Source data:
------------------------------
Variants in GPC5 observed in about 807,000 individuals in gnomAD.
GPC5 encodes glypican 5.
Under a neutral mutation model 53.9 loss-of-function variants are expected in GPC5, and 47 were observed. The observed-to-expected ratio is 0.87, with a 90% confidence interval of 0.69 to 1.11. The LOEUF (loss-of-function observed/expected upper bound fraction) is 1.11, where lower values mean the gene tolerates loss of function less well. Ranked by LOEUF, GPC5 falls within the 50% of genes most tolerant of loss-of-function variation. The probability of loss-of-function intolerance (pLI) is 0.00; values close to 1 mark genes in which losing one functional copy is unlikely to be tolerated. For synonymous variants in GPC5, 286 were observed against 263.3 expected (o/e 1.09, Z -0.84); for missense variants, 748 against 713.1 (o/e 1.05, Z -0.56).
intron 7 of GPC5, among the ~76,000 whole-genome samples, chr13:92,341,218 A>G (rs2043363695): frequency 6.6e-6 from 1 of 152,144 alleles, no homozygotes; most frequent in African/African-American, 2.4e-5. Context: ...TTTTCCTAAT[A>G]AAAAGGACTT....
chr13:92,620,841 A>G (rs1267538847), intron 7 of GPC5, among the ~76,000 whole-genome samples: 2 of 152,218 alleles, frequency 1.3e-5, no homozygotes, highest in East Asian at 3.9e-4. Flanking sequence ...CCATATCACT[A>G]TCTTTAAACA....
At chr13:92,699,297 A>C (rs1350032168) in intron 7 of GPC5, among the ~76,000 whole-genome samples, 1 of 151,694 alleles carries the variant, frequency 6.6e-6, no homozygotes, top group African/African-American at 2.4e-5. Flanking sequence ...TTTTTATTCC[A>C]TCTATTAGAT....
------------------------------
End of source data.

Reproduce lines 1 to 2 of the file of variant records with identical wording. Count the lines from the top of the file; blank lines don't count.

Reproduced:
Variants in GPC5 observed in about 807,000 individuals in gnomAD.
GPC5 encodes glypican 5.